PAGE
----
With these questions in mind, many people believe that
incentive programmes need to work with the real determinants of vulnerability
to HIV. This has led to the development of a number of programmes which aim to
encourage girls to remain in education.
Outside the HIV field, there have been several
well-documented programmes that have rewarded school attendance, often in Latin America. A large programme, which provides financial
incentives to poor Mexican families to send their children to school and to use
health services, has found that the programme increases school enrolment
(especially for girls) and has had a long-term impact on various indicators of
– height, cognition, vocabulary and behavioural problems.
The programme has also had a long-term impact on smoking and alcohol use, but
not on sexual behaviour.
More generally, economic research in low- and middle-income
countries has found that child support grants and pension payments reduce child
labour, increase schooling, and improve child health and nutrition.
Commenting on the epidemiology of HIV in South Africa, Dr Audrey Pettifor of the University of North Carolina at Chapel Hill noted firstly that HIV
rates in young women are double those in men of the same age.
“And what’s really striking is the rapid increase in
infection in a really short period of time,” she added. Whereas 4% of 15-year-old girls have HIV, by the time they reach their early twenties, a quarter to a
third are infected.
Moreover, there are striking differences in infection rates
according to educational status. For example, women who haven’t completed high
school have quadruple the risk of infection, compared to better educated peers. What's more, teenagers who are not in school are more likely to have ever had sex, had
sex at a young age, been pregnant, have an older partner or recently had
Why does attending school make a difference? Pettifor
suggested that schooling may have a beneficial effect on self-esteem,
self-efficacy and understanding of HIV risks. It may also influence the social
and sexual networks that an individual joins
– girls in school tend to have
sexual partners who are closer to their own age (and so less likely to have
But barriers to attending school include the costs of school
fees, uniforms, books and transport. Moreover, girls are often taken out of
school in order to earn money to support the family or to take care of younger
children. Can cash transfers that are conditional on attending classes help
keep girls in education?
A study in the Zomba district of Malawi
– an area where both HIV rates and school drop-out rates are high in adolescent
– offered financial incentives to households with unmarried schoolgirls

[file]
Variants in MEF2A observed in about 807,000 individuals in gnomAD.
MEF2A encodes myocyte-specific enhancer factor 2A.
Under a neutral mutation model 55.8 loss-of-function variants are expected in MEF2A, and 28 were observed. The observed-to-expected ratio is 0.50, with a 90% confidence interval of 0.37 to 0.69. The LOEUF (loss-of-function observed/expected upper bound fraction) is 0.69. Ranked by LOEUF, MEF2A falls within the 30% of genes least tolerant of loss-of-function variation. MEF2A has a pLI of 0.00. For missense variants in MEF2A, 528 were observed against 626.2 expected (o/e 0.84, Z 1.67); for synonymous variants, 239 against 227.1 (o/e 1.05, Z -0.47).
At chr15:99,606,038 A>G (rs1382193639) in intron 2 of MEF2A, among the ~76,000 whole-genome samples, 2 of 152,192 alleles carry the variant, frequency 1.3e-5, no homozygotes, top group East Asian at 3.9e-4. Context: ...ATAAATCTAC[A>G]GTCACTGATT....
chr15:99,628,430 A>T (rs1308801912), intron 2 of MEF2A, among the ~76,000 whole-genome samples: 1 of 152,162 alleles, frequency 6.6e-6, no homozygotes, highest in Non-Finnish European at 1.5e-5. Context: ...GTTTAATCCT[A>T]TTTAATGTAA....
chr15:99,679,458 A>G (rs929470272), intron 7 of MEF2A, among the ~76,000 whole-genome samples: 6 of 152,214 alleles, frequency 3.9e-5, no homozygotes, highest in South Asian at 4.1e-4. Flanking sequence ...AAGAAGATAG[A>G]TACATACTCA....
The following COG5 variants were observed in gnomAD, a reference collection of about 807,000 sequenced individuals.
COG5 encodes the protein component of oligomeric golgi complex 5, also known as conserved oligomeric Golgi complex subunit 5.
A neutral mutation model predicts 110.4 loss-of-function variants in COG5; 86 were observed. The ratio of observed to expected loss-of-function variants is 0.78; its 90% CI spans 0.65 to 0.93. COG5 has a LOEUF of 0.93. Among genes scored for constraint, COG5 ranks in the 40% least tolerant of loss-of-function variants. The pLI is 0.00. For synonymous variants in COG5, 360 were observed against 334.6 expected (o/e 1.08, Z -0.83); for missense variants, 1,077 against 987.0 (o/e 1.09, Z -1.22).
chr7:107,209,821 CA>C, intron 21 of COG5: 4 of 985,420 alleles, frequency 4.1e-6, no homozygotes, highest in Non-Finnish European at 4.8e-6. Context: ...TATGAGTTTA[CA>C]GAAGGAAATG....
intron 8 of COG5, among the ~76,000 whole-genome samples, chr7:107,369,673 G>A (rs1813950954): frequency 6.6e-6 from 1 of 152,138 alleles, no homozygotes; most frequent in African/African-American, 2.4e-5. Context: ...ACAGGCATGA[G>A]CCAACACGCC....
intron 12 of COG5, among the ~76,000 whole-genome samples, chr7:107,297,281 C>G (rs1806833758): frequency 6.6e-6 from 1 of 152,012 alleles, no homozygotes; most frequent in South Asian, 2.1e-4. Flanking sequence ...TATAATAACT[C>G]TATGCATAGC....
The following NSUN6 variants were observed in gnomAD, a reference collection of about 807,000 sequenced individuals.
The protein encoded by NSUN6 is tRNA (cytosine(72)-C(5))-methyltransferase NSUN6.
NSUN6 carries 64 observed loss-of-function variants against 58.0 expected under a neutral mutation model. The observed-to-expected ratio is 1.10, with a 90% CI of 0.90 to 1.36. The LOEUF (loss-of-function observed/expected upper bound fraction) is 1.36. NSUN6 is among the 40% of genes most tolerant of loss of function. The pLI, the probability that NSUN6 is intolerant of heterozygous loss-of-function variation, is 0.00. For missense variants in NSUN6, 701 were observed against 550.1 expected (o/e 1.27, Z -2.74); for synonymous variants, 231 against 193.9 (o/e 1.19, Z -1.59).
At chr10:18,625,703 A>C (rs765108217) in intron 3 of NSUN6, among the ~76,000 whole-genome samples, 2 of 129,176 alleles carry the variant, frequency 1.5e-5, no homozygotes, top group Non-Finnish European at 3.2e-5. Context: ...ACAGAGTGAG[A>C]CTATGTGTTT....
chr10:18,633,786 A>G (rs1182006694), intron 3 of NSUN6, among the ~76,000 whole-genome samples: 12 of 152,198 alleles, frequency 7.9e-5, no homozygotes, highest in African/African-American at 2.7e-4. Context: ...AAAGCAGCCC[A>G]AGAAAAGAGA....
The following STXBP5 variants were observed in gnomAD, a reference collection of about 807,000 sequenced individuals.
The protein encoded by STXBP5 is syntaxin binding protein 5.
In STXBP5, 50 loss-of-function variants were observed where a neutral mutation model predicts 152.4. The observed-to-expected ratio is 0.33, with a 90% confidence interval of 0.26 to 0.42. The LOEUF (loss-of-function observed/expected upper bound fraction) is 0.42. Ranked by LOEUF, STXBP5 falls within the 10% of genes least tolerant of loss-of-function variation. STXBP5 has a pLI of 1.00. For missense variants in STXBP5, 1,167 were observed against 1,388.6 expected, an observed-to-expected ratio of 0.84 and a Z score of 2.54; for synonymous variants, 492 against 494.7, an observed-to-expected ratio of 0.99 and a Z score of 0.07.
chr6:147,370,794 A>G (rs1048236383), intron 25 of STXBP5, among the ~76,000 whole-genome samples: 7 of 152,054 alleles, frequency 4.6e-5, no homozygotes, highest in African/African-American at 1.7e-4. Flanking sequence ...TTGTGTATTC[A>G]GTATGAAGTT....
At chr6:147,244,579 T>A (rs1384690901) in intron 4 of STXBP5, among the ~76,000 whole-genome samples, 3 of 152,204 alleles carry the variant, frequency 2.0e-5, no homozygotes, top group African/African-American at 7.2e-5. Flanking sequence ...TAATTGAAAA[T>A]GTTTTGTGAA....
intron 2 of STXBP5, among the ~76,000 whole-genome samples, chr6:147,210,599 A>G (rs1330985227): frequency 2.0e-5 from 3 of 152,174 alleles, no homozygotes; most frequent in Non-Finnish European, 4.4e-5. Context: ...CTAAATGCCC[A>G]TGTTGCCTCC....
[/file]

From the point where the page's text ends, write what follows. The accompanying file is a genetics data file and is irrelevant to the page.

aged 13 to 22. Some of the payments were conditional on regular school attendance,
while others were unconditional (i.e. regardless of school attendance). The
payments included cash transferred to the parents, cash directly to the girl,
and direct payment of school fees.
Eighteen months after the programme began, the HIV
prevalence among those getting payments was 60% lower than in the control
group. Similarly, the prevalence of herpes (HSV-2) was 75% lower.
Importantly, no significant differences were detected
between those offered conditional and unconditional payments. This raises the
question of whether the programme worked not by incentivising particular
behaviours, but by reducing poverty.
“There’s ongoing debate about the role of conditionality as
part of these interventions,” commented Professor Charlotte Watts of the London
School of Hygiene and Tropical Medicine. “There’s good evidence that
conditionality is very important in influencing uptake of services, but I think
there’s less evidence at the moment about its impact on rates of partner change
or maintaining reduced risk behaviours.”
Girls receiving payments reported fewer sexual partners and
fewer sexual acts than other girls, but no more condom use. The researchers
believe that the main reason for the lower HIV infection rate was that girls
receiving payments had sex with partners closer to their own age and were less
likely to have exchanged sex for money. It may be that the additional income made
the girls less dependent on using sex as a way to get essential resources.
The intervention was provided for two years (2008 to 2009),
and the researchers will return to Zomba in 2012 to collect final data and see
whether the health benefit is sustained.
Other important evidence will come from two ongoing trials
which are providing cash transfers to rural South African teenagers as long as
they attend school.
Quarraisha Abdool Karim is leading a CAPRISA study
which has randomised 14 schools to either provide standard life-skills lessons
or to provide the lessons plus cash incentives (both to boys and girls). The
led by Audrey Pettifor, is randomising girls either to receive conditional cash
transfers or not. In both studies, the primary objective is to reduce the rate
of HIV infection. Results are likely to be reported in 2013 and 2015